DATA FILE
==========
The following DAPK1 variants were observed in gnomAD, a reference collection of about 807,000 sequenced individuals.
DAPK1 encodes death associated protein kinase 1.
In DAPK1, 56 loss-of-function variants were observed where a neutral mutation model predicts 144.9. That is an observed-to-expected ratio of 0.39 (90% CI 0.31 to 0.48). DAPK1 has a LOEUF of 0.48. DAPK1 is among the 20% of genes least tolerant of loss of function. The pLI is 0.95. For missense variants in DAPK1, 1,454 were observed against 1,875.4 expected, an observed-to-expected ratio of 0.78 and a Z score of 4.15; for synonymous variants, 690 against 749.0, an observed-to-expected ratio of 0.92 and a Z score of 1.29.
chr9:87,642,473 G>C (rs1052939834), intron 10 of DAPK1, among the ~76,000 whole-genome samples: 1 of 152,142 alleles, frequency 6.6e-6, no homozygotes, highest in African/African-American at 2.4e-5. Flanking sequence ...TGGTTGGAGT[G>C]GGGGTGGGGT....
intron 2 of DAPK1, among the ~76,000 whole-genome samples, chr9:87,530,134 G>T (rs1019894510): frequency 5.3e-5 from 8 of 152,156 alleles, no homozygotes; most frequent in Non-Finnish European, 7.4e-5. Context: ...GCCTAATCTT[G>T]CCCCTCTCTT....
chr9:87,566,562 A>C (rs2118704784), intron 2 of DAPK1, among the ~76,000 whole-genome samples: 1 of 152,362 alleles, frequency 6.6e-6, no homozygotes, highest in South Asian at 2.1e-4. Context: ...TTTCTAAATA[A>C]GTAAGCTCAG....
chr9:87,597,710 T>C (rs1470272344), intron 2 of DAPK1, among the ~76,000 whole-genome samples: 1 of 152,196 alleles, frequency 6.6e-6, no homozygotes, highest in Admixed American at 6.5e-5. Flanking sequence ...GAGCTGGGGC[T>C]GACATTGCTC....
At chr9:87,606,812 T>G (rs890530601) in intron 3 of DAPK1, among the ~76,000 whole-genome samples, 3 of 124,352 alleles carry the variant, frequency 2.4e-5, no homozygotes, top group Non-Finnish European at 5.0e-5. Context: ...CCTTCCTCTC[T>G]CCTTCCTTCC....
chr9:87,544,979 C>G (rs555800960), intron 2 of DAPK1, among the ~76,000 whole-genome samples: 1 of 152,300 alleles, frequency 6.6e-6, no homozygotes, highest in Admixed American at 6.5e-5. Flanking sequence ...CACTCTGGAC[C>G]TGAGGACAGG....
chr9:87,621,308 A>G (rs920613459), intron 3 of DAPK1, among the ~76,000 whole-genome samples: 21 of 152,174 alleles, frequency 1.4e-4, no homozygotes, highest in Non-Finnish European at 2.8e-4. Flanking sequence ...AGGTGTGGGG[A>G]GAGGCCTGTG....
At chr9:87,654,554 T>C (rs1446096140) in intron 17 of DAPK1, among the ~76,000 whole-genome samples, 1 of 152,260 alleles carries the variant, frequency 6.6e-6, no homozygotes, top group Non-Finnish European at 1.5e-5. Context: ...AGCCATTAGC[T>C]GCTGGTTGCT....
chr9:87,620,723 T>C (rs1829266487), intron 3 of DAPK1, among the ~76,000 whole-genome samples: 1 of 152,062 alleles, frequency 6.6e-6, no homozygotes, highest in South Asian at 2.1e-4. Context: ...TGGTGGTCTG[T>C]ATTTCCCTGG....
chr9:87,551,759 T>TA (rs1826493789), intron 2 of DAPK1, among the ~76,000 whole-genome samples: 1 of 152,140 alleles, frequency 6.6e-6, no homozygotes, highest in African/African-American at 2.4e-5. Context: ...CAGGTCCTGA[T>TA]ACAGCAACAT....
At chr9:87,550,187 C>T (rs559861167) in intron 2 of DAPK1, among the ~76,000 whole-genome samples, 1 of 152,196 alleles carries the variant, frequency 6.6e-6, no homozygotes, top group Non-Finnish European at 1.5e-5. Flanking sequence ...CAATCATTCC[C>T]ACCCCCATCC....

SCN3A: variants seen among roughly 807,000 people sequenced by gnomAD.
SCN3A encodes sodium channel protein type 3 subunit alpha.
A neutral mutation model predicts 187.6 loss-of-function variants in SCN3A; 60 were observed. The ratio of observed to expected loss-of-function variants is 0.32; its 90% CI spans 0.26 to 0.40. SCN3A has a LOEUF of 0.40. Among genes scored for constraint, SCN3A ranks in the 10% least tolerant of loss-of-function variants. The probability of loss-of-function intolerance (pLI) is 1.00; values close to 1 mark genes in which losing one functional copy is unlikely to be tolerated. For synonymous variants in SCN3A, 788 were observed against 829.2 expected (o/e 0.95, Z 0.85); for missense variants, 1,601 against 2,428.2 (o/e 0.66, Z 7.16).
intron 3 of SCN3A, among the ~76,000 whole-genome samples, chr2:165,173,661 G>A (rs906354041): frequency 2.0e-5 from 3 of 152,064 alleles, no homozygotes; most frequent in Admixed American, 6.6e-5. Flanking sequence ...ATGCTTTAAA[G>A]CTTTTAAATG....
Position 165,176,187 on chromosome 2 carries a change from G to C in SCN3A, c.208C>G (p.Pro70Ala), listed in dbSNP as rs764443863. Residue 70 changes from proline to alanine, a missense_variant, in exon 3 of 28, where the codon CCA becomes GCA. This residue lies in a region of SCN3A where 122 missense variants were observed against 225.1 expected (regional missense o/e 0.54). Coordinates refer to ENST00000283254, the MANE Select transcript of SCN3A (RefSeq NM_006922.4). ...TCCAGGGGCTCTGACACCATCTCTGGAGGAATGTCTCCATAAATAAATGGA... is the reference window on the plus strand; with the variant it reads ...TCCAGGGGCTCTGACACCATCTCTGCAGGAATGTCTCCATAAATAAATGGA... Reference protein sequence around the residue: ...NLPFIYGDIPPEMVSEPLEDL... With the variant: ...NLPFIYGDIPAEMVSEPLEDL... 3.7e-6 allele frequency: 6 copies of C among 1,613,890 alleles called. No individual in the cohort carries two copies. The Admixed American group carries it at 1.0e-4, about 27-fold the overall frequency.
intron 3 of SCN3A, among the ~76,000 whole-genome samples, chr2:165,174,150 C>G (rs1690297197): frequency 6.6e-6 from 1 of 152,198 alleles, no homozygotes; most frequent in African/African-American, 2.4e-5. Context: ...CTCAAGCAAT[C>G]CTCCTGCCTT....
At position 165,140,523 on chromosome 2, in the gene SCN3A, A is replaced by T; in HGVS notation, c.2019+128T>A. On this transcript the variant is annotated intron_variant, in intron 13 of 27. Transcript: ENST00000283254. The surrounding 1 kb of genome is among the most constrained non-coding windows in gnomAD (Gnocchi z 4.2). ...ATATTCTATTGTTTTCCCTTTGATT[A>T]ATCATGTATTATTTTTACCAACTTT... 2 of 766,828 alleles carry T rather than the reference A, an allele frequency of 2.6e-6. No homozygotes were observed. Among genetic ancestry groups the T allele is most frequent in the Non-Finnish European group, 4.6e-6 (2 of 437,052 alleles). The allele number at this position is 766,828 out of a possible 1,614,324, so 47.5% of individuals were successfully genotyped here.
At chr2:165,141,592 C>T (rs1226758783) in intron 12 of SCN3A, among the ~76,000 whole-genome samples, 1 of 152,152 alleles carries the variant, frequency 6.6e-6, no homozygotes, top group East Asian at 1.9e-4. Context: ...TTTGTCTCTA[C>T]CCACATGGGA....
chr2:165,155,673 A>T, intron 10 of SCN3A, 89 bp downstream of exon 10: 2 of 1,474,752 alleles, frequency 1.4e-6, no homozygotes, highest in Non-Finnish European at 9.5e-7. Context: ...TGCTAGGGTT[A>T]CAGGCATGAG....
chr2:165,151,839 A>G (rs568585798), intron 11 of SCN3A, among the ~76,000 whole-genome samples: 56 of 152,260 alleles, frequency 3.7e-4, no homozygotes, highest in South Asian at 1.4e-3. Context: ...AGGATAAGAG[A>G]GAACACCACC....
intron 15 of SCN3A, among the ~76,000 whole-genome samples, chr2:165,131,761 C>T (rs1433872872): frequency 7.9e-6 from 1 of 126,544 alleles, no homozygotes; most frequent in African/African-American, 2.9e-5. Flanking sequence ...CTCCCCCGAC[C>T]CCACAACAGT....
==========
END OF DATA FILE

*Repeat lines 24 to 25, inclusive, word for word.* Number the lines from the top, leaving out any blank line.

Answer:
chr2:165,151,839 A>G (rs568585798), intron 11 of SCN3A, among the ~76,000 whole-genome samples: 56 of 152,260 alleles, frequency 3.7e-4, no homozygotes, highest in South Asian at 1.4e-3. Context: ...AGGATAAGAG[A>G]GAACACCACC....
intron 15 of SCN3A, among the ~76,000 whole-genome samples, chr2:165,131,761 C>T (rs1433872872): frequency 7.9e-6 from 1 of 126,544 alleles, no homozygotes; most frequent in African/African-American, 2.9e-5. Flanking sequence ...CTCCCCCGAC[C>T]CCACAACAGT....